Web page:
While many people have life insurance policies, the policies themselves can be difficult to understand and full of arcane language. When it finally comes time to cash in the policy, people are often unprepared for the problems and loopholes that an insurance company might suddenly find in order to avoid paying a claim. Below are some of the most frequently asked questions about problems with life insurance policies.
An unfair insurance claim practice is where an insurer attempts to reduce the amount of a claim or avoid payment altogether. The National Association of Insurance Commissioners has crafted a set of regulations and laws in an effort to reduce unscrupulous behavior by insurers.
No. The law in every state mandates that all insurance companies must inform a policyholder that a payment for their policy has been missed, and then provide a grace period, of varying length which depends on the type of insurance, during which the holder can pay and resume their coverage. Since life insurance is generally for larger amounts of money than other types of insurance, the grace period in most states is rather long, usually around thirty days. That means the insurance company must give you some time to pay off your late premium before they can terminate your coverage.
Although the law does not require it, some companies may allow you to reinstate a terminated policy even after the grace period, usually in exchange for a hefty fee, at their own discretion.
What an insurance company may NOT do is to allow you to miss a payment, or ignore a missed payment, without notifying you about the missed payment and then use that as an excuse to refuse to pay out your policy when you try to cash it in years later. Doing so would be acting in "bad faith," and it could be the basis of a civil lawsuit.
Once a policy is issued, a company can forcibly terminate it in very few ways; generally, only because you either missed a premium payment or made some kind of serious fraudulent misrepresentation when applying for the policy. Even with fraudulent misrepresentation, the fraud must be "material".
This does not apply to the natural end of a term life insurance policy, which only insures a policyholder for a set term (5 or 10 years, for example). When that term ends, then so does the policy. While most companies offer plans to renew the term once it ends, an insurance company can refuse to renew it for any reason not protected by law, such as race or gender.
However, some states do insist that companies offer to renew certain types of insurance to customers whose terms have lapsed, or at least insist on an early warning if the company does not intend to renew a policy. If a company has failed to do this, it may be liable for damages, so you should contact an attorney if you feel your insurance was unfairly revoked.
Although varying state by state, divorce decrees can automatically cancel the designation of a spouse as the beneficiary of a life insurance policy, even if the policyholder made no specific attempt to do so. In these states, after getting a divorce, the policyholder would have to either file a new beneficiary designation or mention in the decree itself that he intends his former spouse to remain a beneficiary. Otherwise, the insurance will be paid out to whoever else is a beneficiary or to the deceased's estate.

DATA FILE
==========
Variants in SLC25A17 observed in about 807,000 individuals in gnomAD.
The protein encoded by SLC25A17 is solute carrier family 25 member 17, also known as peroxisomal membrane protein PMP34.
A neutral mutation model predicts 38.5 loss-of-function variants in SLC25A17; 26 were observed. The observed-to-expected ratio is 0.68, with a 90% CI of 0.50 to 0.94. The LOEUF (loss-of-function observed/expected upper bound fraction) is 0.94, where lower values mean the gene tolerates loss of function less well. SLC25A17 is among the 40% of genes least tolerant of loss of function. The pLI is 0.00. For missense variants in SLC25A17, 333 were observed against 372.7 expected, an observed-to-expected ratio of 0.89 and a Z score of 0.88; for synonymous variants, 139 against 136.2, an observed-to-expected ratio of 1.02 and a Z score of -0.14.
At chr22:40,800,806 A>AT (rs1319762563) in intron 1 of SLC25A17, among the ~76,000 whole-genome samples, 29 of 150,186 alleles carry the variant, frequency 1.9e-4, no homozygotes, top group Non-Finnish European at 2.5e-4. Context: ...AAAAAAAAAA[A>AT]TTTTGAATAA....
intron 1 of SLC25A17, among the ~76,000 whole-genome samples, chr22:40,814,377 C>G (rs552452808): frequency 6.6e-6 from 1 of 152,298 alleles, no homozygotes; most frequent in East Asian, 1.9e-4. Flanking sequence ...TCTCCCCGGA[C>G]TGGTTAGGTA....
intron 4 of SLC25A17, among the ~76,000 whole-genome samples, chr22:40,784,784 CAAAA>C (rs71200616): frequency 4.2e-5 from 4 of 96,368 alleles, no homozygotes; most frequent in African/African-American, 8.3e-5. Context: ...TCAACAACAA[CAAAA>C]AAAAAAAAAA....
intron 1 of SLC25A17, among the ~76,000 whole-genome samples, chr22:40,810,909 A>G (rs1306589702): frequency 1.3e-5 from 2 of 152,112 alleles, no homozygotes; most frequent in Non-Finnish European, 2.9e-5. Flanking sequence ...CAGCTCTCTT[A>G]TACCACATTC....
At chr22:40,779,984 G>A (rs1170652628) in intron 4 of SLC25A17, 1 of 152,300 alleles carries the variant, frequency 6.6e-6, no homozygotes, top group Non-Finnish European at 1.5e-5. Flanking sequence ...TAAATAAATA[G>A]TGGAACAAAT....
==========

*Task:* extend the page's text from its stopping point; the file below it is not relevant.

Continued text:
You do not need to, and it may be helpful to not do so. While it is certainly legal to do so, altering a will is a much more complicated affair than altering the beneficiary of a life insurance policy. It is much easier to simply fill out the company forms to change your policy then to have to redraft your entire will. Doing so can also create problems if your insurance company and your will have different beneficiaries listed. If you do list the beneficiaries in your will, the benefit will have to go through complicated probate hearings, whereas an insurance company can just pay the beneficiary directly.
You will probably want to contact a qualified lawyer who has experience dealing with life insurance matters. Your lawyer will be able to give you a sense of what you are entitled to and what course of action you should take. In a civil lawsuit against the insurance company you may be eligible for compensation for the amount owed to you under the policy plus interest.
If you’ve been involved in a dispute with your insurance company, it may be necessary for you to take legal action. Understanding how to sue an insurance company can sometimes be difficult, especially if you’ve never had any such disputes before.
To begin with, the most important thing for you to do is to obtain a statement in writing from the company regarding the subject of dispute. For example, if they’re refusing to pay out on your personal injury policy, you need to obtain a written letter from the insurance company stating their reasons for the denial. To be sure, you should request as many written statements from the company as they can provide.
In addition, you should compile any documents and copies that you have that might be connected with the dispute. This can include contracts that you signed, past statements from the company, and a written account of events leading up to the dispute. These can all be used as evidence when suing an insurance company.
Life insurance policies are often the sole means of support for a family after the primary caregiver has passed away. If you feel an insurance company has slighted you, or they refuse to pay out for questionable reasons, you should contact an insurance lawyer (or a business lawyer) at once to see what your rights are and if you can sue for damages.
Last Modified: 03-14-2018 11:26 PM PDTLaw Library Disclaimer
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